The pybabel extract command reads the configuration file given in the -F option, then scans all the code and template files in the directories that match the configured sources, starting from the directory given in the command (the current directory or . in this case). By default, pybabel will look for _() as a text marker, but I have also used the lazy version, which I imported as _l(), so I need to tell the tool to look for those too with the -k _l. The -o option provides the name of the output file.

I should note that the messages.pot file is not a file that needs to be incorporated into the project. This is a file that can be easily regenerated any time it is needed, simply by running the command above again. So there is no need to commit this file to source control.

Generating a Language Catalog

The next step in the process is to create a translation for each language that will be supported in addition to the base one, which in this case is English. I said I was going to start by adding Spanish (language code es), so this is the command that does that:

(venv) $ pybabel init -i messages.pot -d app/translations -l es
creating catalog app/translations/es/LC_MESSAGES/messages.po based on messages.pot

The pybabel init command takes the messages.pot file as input and writes a new language catalog to the directory given in the -d option for the language specified in the -l option. I'm going to be installing all the translations in the app/translations directory, because that is where Flask-Babel will expect translation files to be by default. The command will create a es subdirectory inside this directory for the Spanish data files. In particular, there will be a new file named app/translations/es/LC_MESSAGES/messages.po, that is where the translations need to be made.

If you want to support other languages, just repeat the above command with each of the language codes you want, so that each language gets its own repository with a messages.po file.

This messages.po file that created in each language repository uses a format that is the de facto standard for language translations, the format used by the gettext utility. Here are a few lines from the beginning of the Spanish messages.po:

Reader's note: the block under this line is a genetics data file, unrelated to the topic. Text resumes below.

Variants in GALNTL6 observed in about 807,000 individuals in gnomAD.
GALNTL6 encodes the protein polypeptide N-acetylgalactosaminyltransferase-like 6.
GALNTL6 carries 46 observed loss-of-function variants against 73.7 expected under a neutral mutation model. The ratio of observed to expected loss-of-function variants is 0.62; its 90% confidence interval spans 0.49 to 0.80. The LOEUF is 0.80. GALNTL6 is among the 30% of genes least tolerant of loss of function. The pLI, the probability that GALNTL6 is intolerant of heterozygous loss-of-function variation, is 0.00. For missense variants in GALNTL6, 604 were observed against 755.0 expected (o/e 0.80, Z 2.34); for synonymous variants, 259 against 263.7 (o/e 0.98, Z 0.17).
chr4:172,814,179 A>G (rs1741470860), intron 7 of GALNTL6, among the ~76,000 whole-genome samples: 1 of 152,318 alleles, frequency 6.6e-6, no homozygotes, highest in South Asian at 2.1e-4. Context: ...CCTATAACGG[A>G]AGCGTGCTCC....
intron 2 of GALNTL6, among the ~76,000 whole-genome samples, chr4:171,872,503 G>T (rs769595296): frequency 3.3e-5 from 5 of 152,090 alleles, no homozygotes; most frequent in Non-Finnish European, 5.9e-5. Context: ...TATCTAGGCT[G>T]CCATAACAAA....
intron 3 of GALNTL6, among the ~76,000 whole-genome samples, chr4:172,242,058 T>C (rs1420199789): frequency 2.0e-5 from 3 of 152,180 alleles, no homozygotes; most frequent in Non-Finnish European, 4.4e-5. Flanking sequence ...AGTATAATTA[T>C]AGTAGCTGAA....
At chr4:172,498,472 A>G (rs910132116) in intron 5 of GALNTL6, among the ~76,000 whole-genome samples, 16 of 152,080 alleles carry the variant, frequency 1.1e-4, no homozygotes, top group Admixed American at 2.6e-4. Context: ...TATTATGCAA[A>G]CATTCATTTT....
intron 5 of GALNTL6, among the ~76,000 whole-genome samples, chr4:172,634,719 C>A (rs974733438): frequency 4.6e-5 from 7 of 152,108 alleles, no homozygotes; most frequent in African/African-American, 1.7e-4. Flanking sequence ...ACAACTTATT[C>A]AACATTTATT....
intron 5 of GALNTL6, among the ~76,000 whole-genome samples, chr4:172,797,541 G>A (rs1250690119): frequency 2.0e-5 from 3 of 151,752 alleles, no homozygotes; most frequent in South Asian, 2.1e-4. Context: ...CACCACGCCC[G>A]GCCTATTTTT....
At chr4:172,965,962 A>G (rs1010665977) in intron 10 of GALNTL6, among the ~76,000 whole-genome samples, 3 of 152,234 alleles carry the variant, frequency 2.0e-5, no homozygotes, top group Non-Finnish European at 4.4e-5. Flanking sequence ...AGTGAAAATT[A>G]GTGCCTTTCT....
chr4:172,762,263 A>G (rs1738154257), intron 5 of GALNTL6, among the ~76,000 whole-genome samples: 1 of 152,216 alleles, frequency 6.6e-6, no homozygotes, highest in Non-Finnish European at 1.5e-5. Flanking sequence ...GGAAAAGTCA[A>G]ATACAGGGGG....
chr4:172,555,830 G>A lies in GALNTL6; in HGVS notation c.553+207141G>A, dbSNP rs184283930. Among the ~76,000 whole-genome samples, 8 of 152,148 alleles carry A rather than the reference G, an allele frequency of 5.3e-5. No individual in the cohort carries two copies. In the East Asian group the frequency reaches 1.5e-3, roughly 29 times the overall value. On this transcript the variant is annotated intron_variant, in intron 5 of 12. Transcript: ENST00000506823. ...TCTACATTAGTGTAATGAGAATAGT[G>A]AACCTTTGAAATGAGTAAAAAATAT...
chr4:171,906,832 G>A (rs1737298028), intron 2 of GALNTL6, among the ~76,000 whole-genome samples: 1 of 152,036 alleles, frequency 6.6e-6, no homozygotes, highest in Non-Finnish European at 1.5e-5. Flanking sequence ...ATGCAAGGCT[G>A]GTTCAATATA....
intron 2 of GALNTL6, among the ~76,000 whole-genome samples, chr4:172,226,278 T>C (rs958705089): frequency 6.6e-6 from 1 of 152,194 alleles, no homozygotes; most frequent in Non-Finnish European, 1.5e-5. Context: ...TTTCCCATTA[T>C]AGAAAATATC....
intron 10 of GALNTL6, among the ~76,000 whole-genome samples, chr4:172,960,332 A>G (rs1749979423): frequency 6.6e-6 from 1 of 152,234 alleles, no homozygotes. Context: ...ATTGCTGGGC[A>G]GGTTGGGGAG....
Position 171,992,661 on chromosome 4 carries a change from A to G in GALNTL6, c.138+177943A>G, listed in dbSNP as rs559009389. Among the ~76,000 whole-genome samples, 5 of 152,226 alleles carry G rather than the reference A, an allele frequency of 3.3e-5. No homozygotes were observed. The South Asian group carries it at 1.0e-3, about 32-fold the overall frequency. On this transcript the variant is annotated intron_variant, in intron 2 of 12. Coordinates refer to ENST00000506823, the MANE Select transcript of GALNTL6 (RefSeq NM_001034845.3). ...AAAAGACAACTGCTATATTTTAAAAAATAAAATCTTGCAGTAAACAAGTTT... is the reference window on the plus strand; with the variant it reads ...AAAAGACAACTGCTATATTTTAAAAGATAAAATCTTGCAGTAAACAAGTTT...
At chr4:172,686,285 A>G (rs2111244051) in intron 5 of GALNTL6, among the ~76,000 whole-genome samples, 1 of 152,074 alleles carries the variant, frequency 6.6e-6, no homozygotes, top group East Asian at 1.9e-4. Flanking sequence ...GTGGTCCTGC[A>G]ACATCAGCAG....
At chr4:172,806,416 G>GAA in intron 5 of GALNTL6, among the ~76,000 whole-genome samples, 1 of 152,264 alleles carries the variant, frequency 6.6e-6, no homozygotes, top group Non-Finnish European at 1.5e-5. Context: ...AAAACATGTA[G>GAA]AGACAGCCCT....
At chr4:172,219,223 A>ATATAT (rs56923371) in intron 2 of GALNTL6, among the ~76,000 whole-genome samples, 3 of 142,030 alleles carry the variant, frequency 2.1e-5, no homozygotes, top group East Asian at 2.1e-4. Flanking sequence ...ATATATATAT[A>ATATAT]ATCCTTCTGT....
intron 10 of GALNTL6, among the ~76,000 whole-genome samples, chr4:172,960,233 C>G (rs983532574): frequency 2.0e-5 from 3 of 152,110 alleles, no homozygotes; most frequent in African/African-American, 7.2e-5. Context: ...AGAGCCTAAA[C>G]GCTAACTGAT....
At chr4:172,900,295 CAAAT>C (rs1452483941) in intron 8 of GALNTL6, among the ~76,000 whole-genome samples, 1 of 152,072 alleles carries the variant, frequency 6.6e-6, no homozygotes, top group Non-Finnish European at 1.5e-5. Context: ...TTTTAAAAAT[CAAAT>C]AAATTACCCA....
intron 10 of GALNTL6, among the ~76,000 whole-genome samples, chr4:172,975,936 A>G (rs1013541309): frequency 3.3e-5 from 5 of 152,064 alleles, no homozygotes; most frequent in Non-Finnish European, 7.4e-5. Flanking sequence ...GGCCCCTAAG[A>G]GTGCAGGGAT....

# Spanish translations for PROJECT.
# Copyright (C) 2017 ORGANIZATION
# This file is distributed under the same license as the PROJECT project.
msgid ""
msgstr ""
"Project-Id-Version: PROJECT VERSION\n"
"Report-Msgid-Bugs-To: EMAIL@ADDRESS\n"
"POT-Creation-Date: 2017-09-29 23:23-0700\n"
"PO-Revision-Date: 2017-09-29 23:25-0700\n"
"Last-Translator: FULL NAME <EMAIL@ADDRESS>\n"
"Language: es\n"
"Language-Team: es <LL@li.org>\n"
"Plural-Forms: nplurals=2; plural=(n != 1)\n"
"MIME-Version: 1.0\n"
"Content-Type: text/plain; charset=utf-8\n"
"Content-Transfer-Encoding: 8bit\n"
"Generated-By: Babel 2.5.1\n"

#: app/email.py:21
msgid "[Microblog] Reset Your Password"
msgstr ""

#: app/forms.py:12 app/forms.py:19 app/forms.py:50
msgid "Username"
msgstr ""

#: app/forms.py:13 app/forms.py:21 app/forms.py:43
msgid "Password"
msgstr ""

If you skip the header, you can see that what follows is a list of strings that were extracted from the _() and _l() calls. For each text, you get a reference to the location of the text in your application. Then the msgid line contains the text in the base language, and the msgstr line that follows contains an empty string. Those empty strings need to be edited to have the version of the text in the target language.

There are many translation applications that work with .po files. If you feel comfortable editing the text file, then that's sufficient, but if you are working with a large project it may be recommended to work with a specialized editor. The most popular translation application is the open-source poedit, which is available for all major operating systems. If you are familiar with vim, then the po.vim plugin gives some key mappings that make working with these files easier.

Below you can see a portion of the Spanish messages.po after I added the translations:

#: app/email.py:21
msgid "[Microblog] Reset Your Password"
msgstr "[Microblog] Nueva Contraseña"

#: app/forms.py:12 app/forms.py:19 app/forms.py:50
msgid "Username"
msgstr "Nombre de usuario"

#: app/forms.py:13 app/forms.py:21 app/forms.py:43
msgid "Password"
msgstr "Contraseña"

The download package for this chapter also contains this file with all the translations in place, so that you don't have to worry about that part for this application.

The messages.po file is a sort of source file for translations. When you want to start using these translated texts, this file needs to be compiled into a format that is efficient to be used by the application at run-time. To compile all the translations for the application, you can use the pybabel compile command as follows:

(venv) $ pybabel compile -d app/translations
compiling catalog app/translations/es/LC_MESSAGES/messages.po to